Understanding today’s credit event
Guest Post by Macro Story.
“Those that fail to learn from history, are doomed to repeat it.” – Winston S Churchill
Hard to believe that the following post can be written just three years after the 2008 financial collapse. What is even harder to believe is how the majority either fail to or simply refuse to acknowledge the events unfolding and the comparisons to that historic moment in the global economy.
In 2008 we were forced to learn about various financial terms like subprime MBS, CDS and capital calls . Today we have commingling, sovereign debt yields and my favorite rehypothecation. So what does it all mean?
Think of the global economy as the construction of a house. On the surface is a beautiful home adorned with towering windows, magnificent roof lines and vibrant lighting. Hidden beneath the surface is the foundation working diligently to maintain the structure.
Builders go through painstaking efforts to maintain the integrity of the foundation. Assuring there are no air pockets or voids in the concrete that will crumble with time. The foundation is the basis in which a home is built and is analogous to the formation of credit in which an economy is built. Credit formation is truly the structure that supports the global economy.
The complex financial instruments we hear about today have been around for years. When credit was formed they were part of the building process. They represent cracks and voids which weaken the structure. They weaken over time and can fail simply under the stress of their own weight or from a shock event.
We are all waiting for that one “credit event.” That one failure that brings the system down but I say it has already happened. It was not the failure of MF Global. It was the failure of confidence.
The Failure Of Confidence
Placing a trade never involves wondering if the counterparty on the other side will honor the trade. Yes we have counterparties. When I sell stock the exchange works with the brokers to insure the trade is processed. They insure the investor on the other side has the capital to facilitate the sale of my asset. I trust the system works. I trust my money is safe. I trust when I sell something that upon settlement the cash will be available in my account.
But that all changed just a few weeks ago with the failure of MF Global. $1.2 billion in client money simply vanished. Trades were broken or frozen. Money requested prior the bankruptcy turned into returned checks or reversed wire transfers. The CME failed to step in and backstop these transactions. Simply said confidence was broken. The one key aspect of the global financial system, trust has “failed to deliver.”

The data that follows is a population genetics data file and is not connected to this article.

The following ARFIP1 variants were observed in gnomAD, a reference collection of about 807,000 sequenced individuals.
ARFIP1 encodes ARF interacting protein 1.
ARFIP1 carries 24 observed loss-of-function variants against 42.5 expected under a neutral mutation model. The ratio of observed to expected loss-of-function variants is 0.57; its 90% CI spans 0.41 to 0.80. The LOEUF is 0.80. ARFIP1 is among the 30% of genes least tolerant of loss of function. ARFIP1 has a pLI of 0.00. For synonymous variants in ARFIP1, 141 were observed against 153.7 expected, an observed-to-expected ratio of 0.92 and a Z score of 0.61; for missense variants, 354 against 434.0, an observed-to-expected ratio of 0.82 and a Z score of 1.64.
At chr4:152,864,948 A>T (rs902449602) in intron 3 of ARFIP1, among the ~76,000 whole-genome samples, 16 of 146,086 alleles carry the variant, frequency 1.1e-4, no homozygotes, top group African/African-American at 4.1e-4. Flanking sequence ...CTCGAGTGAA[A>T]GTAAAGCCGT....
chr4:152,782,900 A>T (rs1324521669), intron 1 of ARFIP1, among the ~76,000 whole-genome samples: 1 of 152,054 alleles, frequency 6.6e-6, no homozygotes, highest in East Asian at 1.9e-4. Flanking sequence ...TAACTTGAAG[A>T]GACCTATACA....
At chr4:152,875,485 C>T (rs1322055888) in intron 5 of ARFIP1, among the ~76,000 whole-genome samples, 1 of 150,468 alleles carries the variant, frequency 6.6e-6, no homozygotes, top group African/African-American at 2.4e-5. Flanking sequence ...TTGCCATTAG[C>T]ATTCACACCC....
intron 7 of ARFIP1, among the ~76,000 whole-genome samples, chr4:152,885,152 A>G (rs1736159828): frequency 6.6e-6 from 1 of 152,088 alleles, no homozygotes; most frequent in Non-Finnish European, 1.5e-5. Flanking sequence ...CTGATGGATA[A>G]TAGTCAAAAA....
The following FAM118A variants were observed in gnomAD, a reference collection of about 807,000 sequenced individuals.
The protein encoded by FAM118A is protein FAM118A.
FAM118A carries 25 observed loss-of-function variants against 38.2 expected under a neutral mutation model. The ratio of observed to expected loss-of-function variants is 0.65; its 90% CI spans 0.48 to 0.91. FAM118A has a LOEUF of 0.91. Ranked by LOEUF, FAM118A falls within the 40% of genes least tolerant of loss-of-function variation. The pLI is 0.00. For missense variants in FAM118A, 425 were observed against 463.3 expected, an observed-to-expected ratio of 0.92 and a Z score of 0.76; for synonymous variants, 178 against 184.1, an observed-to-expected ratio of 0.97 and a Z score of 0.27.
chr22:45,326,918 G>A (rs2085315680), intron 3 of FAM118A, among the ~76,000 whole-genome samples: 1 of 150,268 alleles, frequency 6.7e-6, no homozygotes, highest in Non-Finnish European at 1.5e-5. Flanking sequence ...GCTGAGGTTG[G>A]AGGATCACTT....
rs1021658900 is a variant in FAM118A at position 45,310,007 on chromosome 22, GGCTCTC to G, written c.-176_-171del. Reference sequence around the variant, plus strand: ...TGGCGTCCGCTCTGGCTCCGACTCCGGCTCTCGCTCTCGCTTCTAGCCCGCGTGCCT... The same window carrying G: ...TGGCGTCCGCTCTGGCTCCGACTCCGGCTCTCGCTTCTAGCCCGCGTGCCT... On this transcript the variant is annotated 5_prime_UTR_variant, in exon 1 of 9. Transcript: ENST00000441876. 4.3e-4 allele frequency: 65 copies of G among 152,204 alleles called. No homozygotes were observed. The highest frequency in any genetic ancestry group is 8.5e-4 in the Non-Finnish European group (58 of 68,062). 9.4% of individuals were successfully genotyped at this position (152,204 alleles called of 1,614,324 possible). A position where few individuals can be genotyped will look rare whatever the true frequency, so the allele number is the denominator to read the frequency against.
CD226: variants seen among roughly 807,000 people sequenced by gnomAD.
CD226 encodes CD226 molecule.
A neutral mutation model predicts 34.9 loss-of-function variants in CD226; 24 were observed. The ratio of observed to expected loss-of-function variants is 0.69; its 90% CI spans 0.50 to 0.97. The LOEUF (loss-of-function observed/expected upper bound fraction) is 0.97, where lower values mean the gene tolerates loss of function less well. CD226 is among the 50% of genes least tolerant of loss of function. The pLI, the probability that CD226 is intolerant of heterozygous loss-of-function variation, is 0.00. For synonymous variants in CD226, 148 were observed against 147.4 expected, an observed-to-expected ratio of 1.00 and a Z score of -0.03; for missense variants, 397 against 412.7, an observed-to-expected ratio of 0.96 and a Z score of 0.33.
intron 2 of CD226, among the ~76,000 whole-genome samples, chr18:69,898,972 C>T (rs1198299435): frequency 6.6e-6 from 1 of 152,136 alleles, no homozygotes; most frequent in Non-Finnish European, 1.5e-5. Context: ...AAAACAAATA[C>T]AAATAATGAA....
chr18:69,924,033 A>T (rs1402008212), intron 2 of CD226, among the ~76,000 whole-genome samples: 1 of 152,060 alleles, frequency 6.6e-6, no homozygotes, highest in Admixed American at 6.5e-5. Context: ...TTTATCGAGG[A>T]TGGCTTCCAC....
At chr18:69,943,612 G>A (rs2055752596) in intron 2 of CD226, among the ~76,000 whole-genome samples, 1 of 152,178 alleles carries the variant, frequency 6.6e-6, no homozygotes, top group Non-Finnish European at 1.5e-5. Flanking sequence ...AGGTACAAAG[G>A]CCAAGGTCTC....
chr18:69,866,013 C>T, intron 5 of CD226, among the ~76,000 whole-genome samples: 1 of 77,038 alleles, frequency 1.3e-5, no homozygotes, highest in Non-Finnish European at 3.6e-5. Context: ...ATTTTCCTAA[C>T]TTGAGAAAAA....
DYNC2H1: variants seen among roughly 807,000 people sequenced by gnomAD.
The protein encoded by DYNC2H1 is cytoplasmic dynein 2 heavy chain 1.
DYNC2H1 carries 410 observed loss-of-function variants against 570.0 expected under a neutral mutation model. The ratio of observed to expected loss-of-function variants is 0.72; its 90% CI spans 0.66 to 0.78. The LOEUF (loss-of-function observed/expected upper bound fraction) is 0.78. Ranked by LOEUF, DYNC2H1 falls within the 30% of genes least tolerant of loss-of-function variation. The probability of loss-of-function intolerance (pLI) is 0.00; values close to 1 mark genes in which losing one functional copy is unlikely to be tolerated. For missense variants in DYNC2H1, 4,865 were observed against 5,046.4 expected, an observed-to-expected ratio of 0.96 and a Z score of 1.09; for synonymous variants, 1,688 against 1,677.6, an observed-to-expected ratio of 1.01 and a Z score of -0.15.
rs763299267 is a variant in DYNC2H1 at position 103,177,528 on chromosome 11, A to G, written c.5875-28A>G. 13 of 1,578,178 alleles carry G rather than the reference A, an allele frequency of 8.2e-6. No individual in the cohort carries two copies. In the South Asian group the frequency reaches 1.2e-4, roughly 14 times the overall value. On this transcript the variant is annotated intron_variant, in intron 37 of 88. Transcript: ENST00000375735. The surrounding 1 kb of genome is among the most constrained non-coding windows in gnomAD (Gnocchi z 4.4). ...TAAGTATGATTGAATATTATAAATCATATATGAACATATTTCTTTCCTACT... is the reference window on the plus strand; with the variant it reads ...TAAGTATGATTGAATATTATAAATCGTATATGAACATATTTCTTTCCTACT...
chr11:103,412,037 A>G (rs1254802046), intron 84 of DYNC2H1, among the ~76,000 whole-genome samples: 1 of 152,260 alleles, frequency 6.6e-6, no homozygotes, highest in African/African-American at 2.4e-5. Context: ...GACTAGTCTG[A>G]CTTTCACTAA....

All traders now have to wonder if their money is safe. Does their cash exist or is it being used to fund their broker’s trades. Has the broker pledged their client’s asset and will it too simply vanish.
That is the tremor that has begun the process of failure within the foundation. The rest is a simple cascade of events.
What Are The Implications
Let’s fast forward to a highly likely scenario in the coming weeks. Let’s assume equity markets correct 5% while the reality of sovereign default risk grows. Assume another broker like MF Global begins publicly having to defend their own practices as their stock price plummets.
A run on the “brokers” will result. Clients in fear they will be part of the next MF Global and lose their life savings or capital in which they need to trade opt to simply leave the futures and options market. They call their broker and ask for their $100,000 account to be liquidated and a check sent to them. The broker receives many of these calls.
Problem is this broker used $10 million in client funds weeks earlier to meet their own margin call. This is known as the commingling of funds.
The broker who bought Italian debt weeks ago when yields were 5% is now receiving calls from the creditor which has financed this deal via repo to maturity. With yields now over 6% the creditor is demanding more collateral in the form of capital. Capital the broker simply does not have. This is known as a capital call.
But that broker will not simply rollover and die. They will not march themselves into bankruptcy court. No they will take their UK based affiliate and raise more capital. Perhaps they have a lien on an asset in which they have loaned money. They will take that asset which is already pledged and use it again as collateral to raise capital for themselves. This is known as rehypothecation.
There is an ongoing deleveraging in the credit markets which is driving broker capital calls. The commingling of client money is deteriorating confidence. The rehypothecation of collateral where perhaps four creditors are claiming the same underlying asset will accelerate the contraction of credit. Simply said the foundation is failing.
Next time you close out a trade do you know you will get paid? For the first time you now must worry if the counterparty is trustworthy. When you sell that SPY put for a nice profit you will instantly get your order filled. Your broker statement will instantly show the sale and the cash in your account. It will also show that cash as unsettled. Now the waiting begins. As your broker waits to collect your funds for you will they be there? Has the broker commingled their clients funds. Does the broker have capital calls they cannot meet?
For the first time in possibly ever being on the right side of a trade may still mean you lose. If you think this is a far fetched scenario tell that to the MF Global customers, the farmers and traders, people like us who lost $1.2 billion in capital. As Jon Corzine said “I simply do not know where the money is.”